Neighbors Along the Line (NATL) was established in 1976, after the minister of John Knox Presbyterian Church, Dr. Richard Evans, received a phone call from a social worker at the Tulsa Housing Authority. An abused wife and mother had arrived in Tulsa with her children, owning nothing but the clothes on their backs. The Housing Authority gave them shelter, and the John Knox congregation provided food, furnishings, and other necessities.
From this beginning came NATL. The non-profit organization was to help residents of Northwest Tulsa meet basic needs. The Sandy Park area was the focus of assistance from 1976 to 1981. When the need for a medical clinic was brought to the attention of Dr. Ledbetter, a member of John Knox Presbyterian Church, he founded the Monday night free clinic, which continues to this day.
Over the years, NATL served residents in the Charles Page area of Tulsa from a number of different locations. Some of our many locations have included Sandy Park Apartments, Riley School, and Harrison Memorial Methodist Church. Our current location, a 5,600 square foot community center, was completed in 1997.
NATL’s Primary Service Area
NATL expanded its reach as it became apparent that more residents in surrounding areas were in need of assistance as well. NATL’s primary service area eventually grew to include the neighborhoods within the following boundaries:
- Highway 244 to the East
- 81st Avenue to the West
- The Arkansas River to the South
- Edison Street (the Osage County Line) to the North
In 2008, we began offering our full range of services to residents of Sand Springs as well. While a certain few of our services are only available to those living in our primary service area or Sand Springs (Food Pantry, Utilities Assistance, and Holiday Assistance), the majority of our programs serve anyone in need, regardless of where they reside.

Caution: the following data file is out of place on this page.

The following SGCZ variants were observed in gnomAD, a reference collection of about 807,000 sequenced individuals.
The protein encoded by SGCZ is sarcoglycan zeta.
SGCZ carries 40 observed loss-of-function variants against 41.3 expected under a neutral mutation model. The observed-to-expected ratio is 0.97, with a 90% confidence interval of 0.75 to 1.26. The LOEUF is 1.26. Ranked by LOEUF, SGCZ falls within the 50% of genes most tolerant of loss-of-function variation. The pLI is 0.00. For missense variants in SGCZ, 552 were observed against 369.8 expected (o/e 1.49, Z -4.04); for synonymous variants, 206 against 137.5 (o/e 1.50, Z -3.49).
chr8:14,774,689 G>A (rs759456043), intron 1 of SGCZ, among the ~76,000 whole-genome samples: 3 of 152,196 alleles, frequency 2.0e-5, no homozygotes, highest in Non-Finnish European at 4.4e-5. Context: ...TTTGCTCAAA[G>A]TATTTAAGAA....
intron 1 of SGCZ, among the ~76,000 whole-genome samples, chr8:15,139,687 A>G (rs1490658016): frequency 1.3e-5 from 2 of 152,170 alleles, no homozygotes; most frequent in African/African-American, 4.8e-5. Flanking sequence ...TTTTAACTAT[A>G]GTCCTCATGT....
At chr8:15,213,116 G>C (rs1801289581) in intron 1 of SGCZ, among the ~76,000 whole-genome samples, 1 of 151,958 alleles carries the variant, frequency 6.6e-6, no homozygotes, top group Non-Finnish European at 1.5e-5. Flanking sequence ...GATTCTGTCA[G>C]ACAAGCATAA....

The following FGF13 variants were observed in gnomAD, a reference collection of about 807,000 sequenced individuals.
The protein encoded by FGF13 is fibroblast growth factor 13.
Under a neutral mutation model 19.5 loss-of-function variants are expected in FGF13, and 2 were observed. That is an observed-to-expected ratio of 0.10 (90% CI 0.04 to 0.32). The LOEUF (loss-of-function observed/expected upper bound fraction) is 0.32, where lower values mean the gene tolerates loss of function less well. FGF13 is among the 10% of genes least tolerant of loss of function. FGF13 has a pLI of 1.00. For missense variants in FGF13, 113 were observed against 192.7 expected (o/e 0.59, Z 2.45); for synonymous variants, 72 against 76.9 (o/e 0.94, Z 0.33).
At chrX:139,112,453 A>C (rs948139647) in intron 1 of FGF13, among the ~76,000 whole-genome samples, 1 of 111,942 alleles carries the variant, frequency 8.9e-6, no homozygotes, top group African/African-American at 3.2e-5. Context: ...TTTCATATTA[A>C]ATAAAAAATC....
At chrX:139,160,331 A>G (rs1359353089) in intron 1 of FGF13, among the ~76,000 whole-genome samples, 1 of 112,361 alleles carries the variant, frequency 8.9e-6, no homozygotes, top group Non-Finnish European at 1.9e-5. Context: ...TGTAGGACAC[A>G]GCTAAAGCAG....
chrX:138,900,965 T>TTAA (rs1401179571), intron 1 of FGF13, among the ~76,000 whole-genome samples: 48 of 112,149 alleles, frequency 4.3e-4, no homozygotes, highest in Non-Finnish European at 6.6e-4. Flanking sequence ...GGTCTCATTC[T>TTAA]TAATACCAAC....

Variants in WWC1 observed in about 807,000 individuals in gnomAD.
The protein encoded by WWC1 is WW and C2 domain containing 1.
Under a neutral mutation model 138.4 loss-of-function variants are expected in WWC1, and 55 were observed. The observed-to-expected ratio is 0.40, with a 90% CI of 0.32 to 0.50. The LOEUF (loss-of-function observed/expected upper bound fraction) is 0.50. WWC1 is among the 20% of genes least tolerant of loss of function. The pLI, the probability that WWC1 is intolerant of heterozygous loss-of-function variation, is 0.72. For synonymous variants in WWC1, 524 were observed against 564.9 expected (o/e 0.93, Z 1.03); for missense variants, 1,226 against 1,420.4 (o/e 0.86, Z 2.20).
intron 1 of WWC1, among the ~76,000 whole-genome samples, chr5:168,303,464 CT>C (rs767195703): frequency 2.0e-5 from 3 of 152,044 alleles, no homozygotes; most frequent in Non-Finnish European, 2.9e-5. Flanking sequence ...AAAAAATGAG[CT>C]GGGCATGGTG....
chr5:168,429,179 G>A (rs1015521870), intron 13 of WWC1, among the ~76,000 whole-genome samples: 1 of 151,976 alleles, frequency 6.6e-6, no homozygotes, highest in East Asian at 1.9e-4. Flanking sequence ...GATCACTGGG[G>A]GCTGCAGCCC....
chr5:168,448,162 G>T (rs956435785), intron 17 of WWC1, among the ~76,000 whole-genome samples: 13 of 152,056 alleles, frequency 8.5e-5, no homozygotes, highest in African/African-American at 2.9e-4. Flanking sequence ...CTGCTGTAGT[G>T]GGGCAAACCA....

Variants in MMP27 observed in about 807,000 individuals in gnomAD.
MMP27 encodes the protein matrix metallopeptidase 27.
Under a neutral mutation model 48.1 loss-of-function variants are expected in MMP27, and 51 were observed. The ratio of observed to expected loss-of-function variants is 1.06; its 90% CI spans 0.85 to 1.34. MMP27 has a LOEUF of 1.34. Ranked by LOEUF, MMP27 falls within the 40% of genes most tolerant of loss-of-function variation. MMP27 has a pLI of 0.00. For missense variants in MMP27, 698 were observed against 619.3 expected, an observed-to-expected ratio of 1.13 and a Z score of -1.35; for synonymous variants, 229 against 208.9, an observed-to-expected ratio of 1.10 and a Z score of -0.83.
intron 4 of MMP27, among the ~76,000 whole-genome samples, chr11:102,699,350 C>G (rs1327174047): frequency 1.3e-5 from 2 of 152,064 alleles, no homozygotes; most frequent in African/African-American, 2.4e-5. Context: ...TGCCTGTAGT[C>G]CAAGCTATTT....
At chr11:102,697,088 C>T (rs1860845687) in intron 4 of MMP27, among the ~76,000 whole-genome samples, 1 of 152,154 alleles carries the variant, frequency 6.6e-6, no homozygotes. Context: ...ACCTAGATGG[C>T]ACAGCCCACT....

The Forgotten Part of Tulsa
While the area served by NATL was once thrived with industry and oil, loss of major employers, expressway construction, and other factors combined to cause tremendous losses in population and income to area residents. Many residents refer to this area as “the forgotten part of Tulsa,” as it is often the first area to lose service when social programs are cut.
According to the most recent data from the Census Bureau and the USDA, NATL’s primary service area faces severe levels of poverty, food insecurity, unemployment, low educational attainment, and uninsurance relative to Tulsa County averages. The coronavirus pandemic is exacerbating the challenges facing those living in poverty, making the need for more social services increasingly vital.
Comprehensive Services in One Location
Many area residents do not have transportation, so NATL strives to provide as many essential services in one location as possible. Residents can receive help with food, medical needs, and literacy issues, as well as career services, utility assistance, answers to legal questions, WIC referrals, and substance abuse resources. We also offer various seasonal programs, such as immunizations and assistance with Thanksgiving, Christmas, and school supplies.
As part of our comprehensive services, we provide clients with information on how to take an active role in improving their living situations. For instance, we frequently refer Food Pantry clients to our Literacy and Development program for help getting their diploma or searching for jobs and to the Department of Human Services for SNAP program enrollment.
A Community Effort
NATL is run by a core group of three full-time and two part-time staff members, an active Board of Directors, and over fifty regular volunteers. All of our services are provided free of charge through the generosity of foundations, individuals, churches, and corporations.